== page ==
Ahead of the March 2010 Budget, there was considerable speculation that the rate of capital gains tax would increase to make it more closely aligned to the higher rate of income tax. That fear was unfounded and the rate of CGT will remain at 18 per cent although this area is likely to be revisited in future Budgets.
The Chancellor also announced that there would be no inc-rease in the level of the annual CGT exemption which for this tax year remains at £10,100.
In a further unexpected move, a doubling in the threshold of entrepreneurs’ relief from £1m to £2m from April 6, 2010 was announced and this continues the trend of “treating businesses fairly” under the capital gains tax rules.
The Government introduced entrepreneurs’ relief in response to strong protests over the removal of business assets taper relief in April 2008. In brief terms, entrepreneurs’ relief applies so that in the event of the disposal of a qualifying business, a shareholding director/employee, partner or sole proprietor (as appropriate) will now benefit from an effective rate of CGT of 10 per cent on the first cumulative £2m of lifetime gains. Balance gains will be taxed at 18 per cent. I say “effective rate” because there actually is not a 10 per cent rate. The said “effective rate” is arrived at by taking the full gain and redu-cing it by four ninths. The normal CGT rate of 18 per cent is then applied to the remai-ning reduced gain and the resulting tax due will represent 10 per cent of the unreduced gain. Now you know why we say “an effective rate of 10 per cent …” it’s easier!
The relief only applies to businesses that are trades and, in certain cases, there are restrictions to the relief where the business holds non-trading assets/ investments. This is something that advisers should carefully bear in mind when considering investment for companies. The evidence is that merely retaining funds from profits earned through trading in cash, for example, on deposit/treasury reserve, should not give rise to any problem in this respect as no positive act of investment will have taken place.
The same benign outcome is unlikely if the funds are invested, say, into a collective or a capital investment bond. Either of these investments may, of themselves, be capable of being justified as appropriate on investment or “self-contained” tax grounds. However, it is essential that advisers take into account the possible wider implic-ations for entrepreneurs’ relief. It is, however, true to say that the one-year “qualification” period for entrepreneurs’ relief may make the adverse consequences of any investment a little easier to avoid. Employees/directors must own at least 5 per cent of the shares and voting rights and, for relief to apply, the conditions must be satisfied throughout the one-year period before disposal.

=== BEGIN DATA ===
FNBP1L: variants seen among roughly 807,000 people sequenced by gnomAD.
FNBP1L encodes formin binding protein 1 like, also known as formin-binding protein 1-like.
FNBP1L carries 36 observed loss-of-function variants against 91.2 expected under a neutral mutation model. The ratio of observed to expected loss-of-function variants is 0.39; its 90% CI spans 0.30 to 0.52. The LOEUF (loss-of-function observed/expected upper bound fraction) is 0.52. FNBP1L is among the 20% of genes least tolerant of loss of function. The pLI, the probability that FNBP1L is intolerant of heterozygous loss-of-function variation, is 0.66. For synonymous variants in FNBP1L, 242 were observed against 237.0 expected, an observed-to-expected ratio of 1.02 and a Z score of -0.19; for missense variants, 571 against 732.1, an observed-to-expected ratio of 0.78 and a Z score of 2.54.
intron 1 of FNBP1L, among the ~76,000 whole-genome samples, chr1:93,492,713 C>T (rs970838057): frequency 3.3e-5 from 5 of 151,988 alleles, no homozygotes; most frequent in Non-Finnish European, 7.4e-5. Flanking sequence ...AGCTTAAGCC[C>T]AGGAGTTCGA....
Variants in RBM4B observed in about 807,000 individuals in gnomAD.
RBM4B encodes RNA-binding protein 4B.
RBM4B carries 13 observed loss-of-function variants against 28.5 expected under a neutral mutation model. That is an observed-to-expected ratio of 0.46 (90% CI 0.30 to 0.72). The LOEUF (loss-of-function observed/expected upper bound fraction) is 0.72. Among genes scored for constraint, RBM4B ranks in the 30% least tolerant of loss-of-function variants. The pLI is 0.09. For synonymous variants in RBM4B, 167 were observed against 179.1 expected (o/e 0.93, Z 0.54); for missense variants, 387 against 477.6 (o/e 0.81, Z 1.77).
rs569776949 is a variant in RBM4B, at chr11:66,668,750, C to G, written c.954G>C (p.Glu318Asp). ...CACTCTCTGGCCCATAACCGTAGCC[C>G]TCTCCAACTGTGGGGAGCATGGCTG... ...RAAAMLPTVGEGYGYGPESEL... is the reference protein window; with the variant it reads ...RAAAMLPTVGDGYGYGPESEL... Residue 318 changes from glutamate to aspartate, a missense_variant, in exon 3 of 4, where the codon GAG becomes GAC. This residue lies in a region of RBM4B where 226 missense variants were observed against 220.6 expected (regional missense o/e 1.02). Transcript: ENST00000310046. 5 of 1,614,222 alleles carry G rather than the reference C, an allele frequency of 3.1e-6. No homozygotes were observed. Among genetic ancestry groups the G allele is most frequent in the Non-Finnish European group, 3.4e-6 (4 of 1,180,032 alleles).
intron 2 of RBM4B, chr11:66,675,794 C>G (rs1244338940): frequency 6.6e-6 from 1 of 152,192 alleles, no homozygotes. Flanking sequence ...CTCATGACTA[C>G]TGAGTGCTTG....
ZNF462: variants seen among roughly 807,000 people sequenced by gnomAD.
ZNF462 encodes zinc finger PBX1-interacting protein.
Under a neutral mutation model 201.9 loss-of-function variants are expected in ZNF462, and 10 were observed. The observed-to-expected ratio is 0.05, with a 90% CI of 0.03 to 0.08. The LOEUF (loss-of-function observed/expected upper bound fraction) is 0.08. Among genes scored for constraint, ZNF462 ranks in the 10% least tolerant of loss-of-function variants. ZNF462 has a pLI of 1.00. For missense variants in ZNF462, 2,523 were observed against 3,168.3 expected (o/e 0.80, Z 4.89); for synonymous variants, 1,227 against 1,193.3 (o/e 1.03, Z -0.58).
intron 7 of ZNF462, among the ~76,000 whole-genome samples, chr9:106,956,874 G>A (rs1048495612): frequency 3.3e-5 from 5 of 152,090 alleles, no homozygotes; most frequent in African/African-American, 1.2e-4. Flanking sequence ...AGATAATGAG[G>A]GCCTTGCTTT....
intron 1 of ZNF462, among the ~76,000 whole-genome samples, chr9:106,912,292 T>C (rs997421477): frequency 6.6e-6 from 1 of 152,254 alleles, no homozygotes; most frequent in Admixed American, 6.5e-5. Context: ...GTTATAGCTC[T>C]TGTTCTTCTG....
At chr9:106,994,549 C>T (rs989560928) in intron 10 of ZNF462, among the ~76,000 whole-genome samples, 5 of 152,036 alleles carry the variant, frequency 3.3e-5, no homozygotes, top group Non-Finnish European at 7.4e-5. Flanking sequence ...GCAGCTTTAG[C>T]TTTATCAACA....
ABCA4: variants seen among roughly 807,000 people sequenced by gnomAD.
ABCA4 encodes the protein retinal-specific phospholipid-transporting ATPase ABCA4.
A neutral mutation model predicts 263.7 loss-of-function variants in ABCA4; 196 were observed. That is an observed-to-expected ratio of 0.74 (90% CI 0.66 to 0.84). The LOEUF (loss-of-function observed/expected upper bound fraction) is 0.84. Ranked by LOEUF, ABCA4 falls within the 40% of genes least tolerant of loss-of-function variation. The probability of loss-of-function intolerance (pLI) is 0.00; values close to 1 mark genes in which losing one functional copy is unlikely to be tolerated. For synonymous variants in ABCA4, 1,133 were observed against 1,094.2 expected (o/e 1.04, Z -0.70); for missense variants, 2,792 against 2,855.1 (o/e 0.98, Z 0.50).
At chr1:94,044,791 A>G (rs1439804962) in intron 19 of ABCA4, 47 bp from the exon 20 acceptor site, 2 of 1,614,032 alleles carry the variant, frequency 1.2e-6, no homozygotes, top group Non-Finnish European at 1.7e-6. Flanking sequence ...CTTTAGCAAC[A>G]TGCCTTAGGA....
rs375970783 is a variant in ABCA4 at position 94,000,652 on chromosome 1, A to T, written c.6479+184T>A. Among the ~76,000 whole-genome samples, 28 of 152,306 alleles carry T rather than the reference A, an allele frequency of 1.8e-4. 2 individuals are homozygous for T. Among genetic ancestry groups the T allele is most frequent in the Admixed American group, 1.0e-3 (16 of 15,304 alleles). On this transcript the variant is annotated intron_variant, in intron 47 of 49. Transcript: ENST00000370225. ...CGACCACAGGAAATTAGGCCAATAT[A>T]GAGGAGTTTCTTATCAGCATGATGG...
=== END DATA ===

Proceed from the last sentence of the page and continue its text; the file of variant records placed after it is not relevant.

The relief is cumulative throughout the life of the businessowner and so the cumulative gains on disposals of all businesses are taken into account in determining the level of relief. This cumulation only took effect from the time that entrepreneurs’ relief was introduced to take over from business assets taper relief. Gains made before this time do not have to be taken into account in determining whether the £2m threshold has been breached.
The increase in the limit of the relief applies from April 6, 2010. This means that where qualifying gains are made above the previous £1m limit before April 6, 2010, no additional relief will be allowed for the excess above the old limit. But if further qualifying gains are made after April 5, 2010, it will only be possible to claim relief on up to a further £1m of those additional gains, giving relief on accumulated qualifying gains up to the new limit of £2m.
This will be a welcome announcement for many owners of qualifying businesses – particularly those who, in order to avoid high levels of income tax on remuneration from companies, may prefer to retain profits inside the company and suffer a lower rate of corporation tax. Subject to those retained profits being put to trading use, they will currently only suffer a further effective CGT rate of 10 per cent on sale/disposal of the company up to the £2m “lifetime” allowance for entrepreneurs’ relief.
This seems to make eminently good sense from a pure tax planning standpoint, that is, avoiding personal tax at, say, 50 per cent, retaining funds where they bear tax at a lower rate (possibly 21 per cent) and perhaps even using the funds to invest in capital equipment qualifying for the extended 100 per cent annual investment allowance (available for qualifying expenditure of up to £100,000) – the investment eventually being realised with tax on the gain at the low 10 per cent effective rate.
In pursuing this highly undiversified strategy, though, advisers should encourage their SME-owning clients to consider the risk they are assuming. How many owners have relied on their “business as their pension” and conseq-uently “come unstuck” when the business can’t be sold or does not deliver the necessary net of tax value to the owner? This is a subject I will return to in later articles.
In closing , it should not be forgotten (as explained above) that entrepreneurs’ relief operates as a reduction in the gains subject to charge. So if CGT rates go up, so will the rate that applies to gains eligible for entrepreneurs’ relief.